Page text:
I was going to tweet my top 10 #metoo list, as in the first 10 #metoo incidents I experienced (the ones I could remember). I wrote them out on a piece of paper, it took less than 5 minutes. But then I thought, why? I’m not famous. Nobody is going to listen to me and what is the point of sharing my vulnerability with the world? Is it going to change anything? Does anybody care? Fuck all the lurkers that will read it and not even acknowledge my tweets.
Then I got angry. Angry because it took me less than 5 minutes to come up with 10 incidents. Angry that I had to attend a self-defense workshop in college to avoid getting raped instead of my co-ed’s having to attend a workshop on how not to rape.
Angry that one of the top reasons I chose the university I did was because it had a lower rate of rapes on campus than the other universities I was considering. How many of my guy friends had to think about that when choosing which college to go to?!
Angry because women of color and white women who are not famous have been saying #metoo for years and NOTHING has changed!
Angry because the majority of my male friends are either being defensive or silent about the whole #metoo thing. Dudes, it’s not that hard to say, I’m sorry that happened to you.
Angry because we have a president who has been accused of sexual assault, denies it, and who said, “grab em by the pussy”.
Back in October when the whole #metoo thing started trending I posted a rant on Facebook and noticed the few men friends who left comments reacted in the following ways:
1. blaming trump, 2. blaming trump women voters, 3. saying women who are compliant are part of the problem.
Those comments sent me spiraling down a path of huge disappointment in my guy friends, the good guys that didn’t get-it-at-all, they didn’t get what I was trying to express, they didn’t get how upsetting and triggering these #metoo stories were for so many us women (and men who have been abused). I was sad, I posted a comment letting them know I was disappointed.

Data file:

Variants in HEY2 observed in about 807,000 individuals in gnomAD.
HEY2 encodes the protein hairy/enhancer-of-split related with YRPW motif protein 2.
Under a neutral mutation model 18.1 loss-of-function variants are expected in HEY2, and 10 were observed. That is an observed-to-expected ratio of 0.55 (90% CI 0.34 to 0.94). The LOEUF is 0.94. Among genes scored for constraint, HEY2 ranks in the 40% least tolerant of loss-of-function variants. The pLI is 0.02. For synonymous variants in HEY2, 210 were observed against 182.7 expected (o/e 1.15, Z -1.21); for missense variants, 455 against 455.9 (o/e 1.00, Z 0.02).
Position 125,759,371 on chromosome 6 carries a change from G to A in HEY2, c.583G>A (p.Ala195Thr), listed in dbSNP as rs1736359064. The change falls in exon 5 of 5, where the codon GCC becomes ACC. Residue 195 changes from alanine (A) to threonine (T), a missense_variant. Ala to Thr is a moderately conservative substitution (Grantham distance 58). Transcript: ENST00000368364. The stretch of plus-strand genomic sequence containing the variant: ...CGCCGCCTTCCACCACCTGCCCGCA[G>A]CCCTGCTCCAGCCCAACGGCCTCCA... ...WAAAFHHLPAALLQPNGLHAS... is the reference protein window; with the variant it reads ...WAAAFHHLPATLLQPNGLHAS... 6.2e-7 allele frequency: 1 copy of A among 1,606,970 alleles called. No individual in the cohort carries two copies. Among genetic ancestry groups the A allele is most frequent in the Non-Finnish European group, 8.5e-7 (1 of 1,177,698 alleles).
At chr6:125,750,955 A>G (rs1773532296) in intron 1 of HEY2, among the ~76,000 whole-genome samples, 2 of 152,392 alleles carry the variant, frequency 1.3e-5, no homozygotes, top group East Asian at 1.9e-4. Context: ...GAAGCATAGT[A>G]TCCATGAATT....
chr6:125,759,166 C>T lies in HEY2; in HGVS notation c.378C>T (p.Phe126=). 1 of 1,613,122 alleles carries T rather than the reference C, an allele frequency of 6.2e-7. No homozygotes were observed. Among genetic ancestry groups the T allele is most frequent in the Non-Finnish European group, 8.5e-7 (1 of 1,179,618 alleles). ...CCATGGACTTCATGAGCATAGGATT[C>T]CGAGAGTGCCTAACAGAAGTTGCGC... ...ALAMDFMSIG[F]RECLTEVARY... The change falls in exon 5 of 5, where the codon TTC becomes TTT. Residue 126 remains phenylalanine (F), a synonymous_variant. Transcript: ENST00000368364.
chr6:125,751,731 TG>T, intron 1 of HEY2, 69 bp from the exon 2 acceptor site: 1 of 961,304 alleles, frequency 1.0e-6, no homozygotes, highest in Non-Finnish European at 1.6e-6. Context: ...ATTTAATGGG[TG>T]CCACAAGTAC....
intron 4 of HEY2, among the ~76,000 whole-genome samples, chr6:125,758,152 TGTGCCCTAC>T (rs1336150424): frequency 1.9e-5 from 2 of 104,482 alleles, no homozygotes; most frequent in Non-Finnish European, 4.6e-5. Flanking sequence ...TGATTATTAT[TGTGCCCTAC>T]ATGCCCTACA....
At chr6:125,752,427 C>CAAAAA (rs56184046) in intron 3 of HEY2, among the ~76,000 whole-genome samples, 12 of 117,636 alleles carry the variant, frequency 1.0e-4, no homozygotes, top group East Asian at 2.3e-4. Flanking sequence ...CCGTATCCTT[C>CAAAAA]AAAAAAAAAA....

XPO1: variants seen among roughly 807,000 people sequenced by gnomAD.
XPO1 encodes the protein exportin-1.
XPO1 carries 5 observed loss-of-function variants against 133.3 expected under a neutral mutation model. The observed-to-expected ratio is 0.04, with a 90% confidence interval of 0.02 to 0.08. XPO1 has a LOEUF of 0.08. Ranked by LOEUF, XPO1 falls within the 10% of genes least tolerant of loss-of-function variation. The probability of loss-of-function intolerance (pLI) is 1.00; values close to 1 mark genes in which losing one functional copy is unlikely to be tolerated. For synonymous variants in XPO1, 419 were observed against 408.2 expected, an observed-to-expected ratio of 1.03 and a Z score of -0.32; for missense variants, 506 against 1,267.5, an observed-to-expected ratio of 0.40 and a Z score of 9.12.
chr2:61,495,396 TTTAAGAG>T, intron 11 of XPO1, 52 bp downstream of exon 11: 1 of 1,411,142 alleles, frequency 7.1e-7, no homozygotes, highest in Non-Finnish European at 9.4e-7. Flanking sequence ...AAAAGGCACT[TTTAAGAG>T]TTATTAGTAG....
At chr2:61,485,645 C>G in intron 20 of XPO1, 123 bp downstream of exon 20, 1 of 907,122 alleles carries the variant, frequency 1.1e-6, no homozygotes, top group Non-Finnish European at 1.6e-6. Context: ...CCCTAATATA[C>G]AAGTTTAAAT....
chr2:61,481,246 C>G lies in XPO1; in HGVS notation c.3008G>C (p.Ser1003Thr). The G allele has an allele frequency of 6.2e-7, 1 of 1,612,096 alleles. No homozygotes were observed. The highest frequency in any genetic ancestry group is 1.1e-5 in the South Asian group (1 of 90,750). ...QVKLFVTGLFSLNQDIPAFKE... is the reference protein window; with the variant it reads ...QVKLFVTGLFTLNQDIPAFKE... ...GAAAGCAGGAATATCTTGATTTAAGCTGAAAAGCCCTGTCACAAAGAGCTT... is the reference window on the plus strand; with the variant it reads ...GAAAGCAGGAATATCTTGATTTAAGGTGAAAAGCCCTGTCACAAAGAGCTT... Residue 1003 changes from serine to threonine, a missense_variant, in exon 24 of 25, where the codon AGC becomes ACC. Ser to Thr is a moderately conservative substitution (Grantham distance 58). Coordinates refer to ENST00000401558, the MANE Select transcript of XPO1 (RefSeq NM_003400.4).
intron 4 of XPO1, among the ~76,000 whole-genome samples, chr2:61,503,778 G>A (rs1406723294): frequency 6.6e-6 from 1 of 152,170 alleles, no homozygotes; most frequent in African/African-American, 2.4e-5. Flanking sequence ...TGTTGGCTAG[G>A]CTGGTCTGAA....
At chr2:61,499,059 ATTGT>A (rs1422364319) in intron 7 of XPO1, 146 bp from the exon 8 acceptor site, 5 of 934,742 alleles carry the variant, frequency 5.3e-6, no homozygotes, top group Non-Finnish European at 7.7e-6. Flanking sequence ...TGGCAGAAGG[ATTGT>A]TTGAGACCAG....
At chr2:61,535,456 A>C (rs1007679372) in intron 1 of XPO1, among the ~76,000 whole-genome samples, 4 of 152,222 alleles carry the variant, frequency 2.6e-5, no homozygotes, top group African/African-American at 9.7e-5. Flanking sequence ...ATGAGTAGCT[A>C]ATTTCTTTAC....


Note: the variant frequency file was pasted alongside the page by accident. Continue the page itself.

And then in the sea of almost every post on my timeline being another woman’s traumatic and triggering #metoo story, one of my guy friends posted this:
To my friends who have posted #metoo and all those who carry the scars from being sexually harassed, sexually violated/assaulted, you have my support. There’s been so many stories told in recent days that have caused many to re-live events of the past. There’s a lot of pain and suffering out there right now – we all have a responsibility to act against predatory behavior.
I read that and I cried. I felt a huge sense of relief. I was amazed how having just one guy acknowledge what I was going through made me feel seen and heard. I cried some more. Thank you to that one guy, you know who you are. The rest of you, I encourage you to copy/paste that statement or write your own. You have no idea how healing it can be to one of your women friends, if you genuinely mean it.
The #metoo movement has been an emotional roller coaster for me. I cycle between anger, disappointment, rage, and hope. I am hopeful that we have reached a tipping point. I am hopeful because at least some of the men who are predators are now facing consequences. I am hopeful that men are now aware of what the reality of women is (all women including poor women, transwomen, and women of color!). I am hopeful that we will soon be able to have a dialog about this and maybe advance as a society.
I leave you with this SNL skit that really resonated with me.
- To Facebook, or not to Facebook, that is the question